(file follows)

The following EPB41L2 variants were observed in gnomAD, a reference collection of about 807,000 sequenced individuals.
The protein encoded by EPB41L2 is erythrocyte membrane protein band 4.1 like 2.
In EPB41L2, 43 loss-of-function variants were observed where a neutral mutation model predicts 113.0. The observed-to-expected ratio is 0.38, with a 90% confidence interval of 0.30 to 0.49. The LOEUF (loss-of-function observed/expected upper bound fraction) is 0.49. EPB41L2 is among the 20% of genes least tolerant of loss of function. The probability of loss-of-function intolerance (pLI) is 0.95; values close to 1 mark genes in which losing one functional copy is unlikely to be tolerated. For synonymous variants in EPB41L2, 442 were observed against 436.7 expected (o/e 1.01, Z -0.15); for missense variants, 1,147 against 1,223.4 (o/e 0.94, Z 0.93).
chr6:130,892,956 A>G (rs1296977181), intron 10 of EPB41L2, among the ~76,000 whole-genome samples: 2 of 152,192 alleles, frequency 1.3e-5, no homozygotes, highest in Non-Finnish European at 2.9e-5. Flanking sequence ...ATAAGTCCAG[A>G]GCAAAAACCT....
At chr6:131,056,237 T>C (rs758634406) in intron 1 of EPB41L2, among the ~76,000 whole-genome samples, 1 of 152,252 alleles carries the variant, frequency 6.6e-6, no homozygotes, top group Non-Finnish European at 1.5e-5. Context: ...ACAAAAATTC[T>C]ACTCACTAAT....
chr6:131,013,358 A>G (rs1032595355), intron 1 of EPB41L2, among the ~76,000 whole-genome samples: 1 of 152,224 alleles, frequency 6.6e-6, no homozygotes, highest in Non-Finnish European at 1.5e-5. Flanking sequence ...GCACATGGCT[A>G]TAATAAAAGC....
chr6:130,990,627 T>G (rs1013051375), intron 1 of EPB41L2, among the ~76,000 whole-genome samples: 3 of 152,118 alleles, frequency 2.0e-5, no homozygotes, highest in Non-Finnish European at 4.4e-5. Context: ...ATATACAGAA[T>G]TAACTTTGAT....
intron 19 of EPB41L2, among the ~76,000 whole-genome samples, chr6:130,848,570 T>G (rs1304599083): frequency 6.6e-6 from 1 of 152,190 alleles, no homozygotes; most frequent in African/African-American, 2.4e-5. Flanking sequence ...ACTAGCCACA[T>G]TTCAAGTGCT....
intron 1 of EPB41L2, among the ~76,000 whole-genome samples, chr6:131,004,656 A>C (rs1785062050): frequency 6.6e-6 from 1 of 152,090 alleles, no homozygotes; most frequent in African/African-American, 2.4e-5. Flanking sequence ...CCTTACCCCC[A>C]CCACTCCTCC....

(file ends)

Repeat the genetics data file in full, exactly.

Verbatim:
The following EPB41L2 variants were observed in gnomAD, a reference collection of about 807,000 sequenced individuals.
The protein encoded by EPB41L2 is erythrocyte membrane protein band 4.1 like 2.
In EPB41L2, 43 loss-of-function variants were observed where a neutral mutation model predicts 113.0. The observed-to-expected ratio is 0.38, with a 90% confidence interval of 0.30 to 0.49. The LOEUF (loss-of-function observed/expected upper bound fraction) is 0.49. EPB41L2 is among the 20% of genes least tolerant of loss of function. The probability of loss-of-function intolerance (pLI) is 0.95; values close to 1 mark genes in which losing one functional copy is unlikely to be tolerated. For synonymous variants in EPB41L2, 442 were observed against 436.7 expected (o/e 1.01, Z -0.15); for missense variants, 1,147 against 1,223.4 (o/e 0.94, Z 0.93).
chr6:130,892,956 A>G (rs1296977181), intron 10 of EPB41L2, among the ~76,000 whole-genome samples: 2 of 152,192 alleles, frequency 1.3e-5, no homozygotes, highest in Non-Finnish European at 2.9e-5. Flanking sequence ...ATAAGTCCAG[A>G]GCAAAAACCT....
At chr6:131,056,237 T>C (rs758634406) in intron 1 of EPB41L2, among the ~76,000 whole-genome samples, 1 of 152,252 alleles carries the variant, frequency 6.6e-6, no homozygotes, top group Non-Finnish European at 1.5e-5. Context: ...ACAAAAATTC[T>C]ACTCACTAAT....
chr6:131,013,358 A>G (rs1032595355), intron 1 of EPB41L2, among the ~76,000 whole-genome samples: 1 of 152,224 alleles, frequency 6.6e-6, no homozygotes, highest in Non-Finnish European at 1.5e-5. Flanking sequence ...GCACATGGCT[A>G]TAATAAAAGC....
chr6:130,990,627 T>G (rs1013051375), intron 1 of EPB41L2, among the ~76,000 whole-genome samples: 3 of 152,118 alleles, frequency 2.0e-5, no homozygotes, highest in Non-Finnish European at 4.4e-5. Context: ...ATATACAGAA[T>G]TAACTTTGAT....
intron 19 of EPB41L2, among the ~76,000 whole-genome samples, chr6:130,848,570 T>G (rs1304599083): frequency 6.6e-6 from 1 of 152,190 alleles, no homozygotes; most frequent in African/African-American, 2.4e-5. Flanking sequence ...ACTAGCCACA[T>G]TTCAAGTGCT....
intron 1 of EPB41L2, among the ~76,000 whole-genome samples, chr6:131,004,656 A>C (rs1785062050): frequency 6.6e-6 from 1 of 152,090 alleles, no homozygotes; most frequent in African/African-American, 2.4e-5. Flanking sequence ...CCTTACCCCC[A>C]CCACTCCTCC....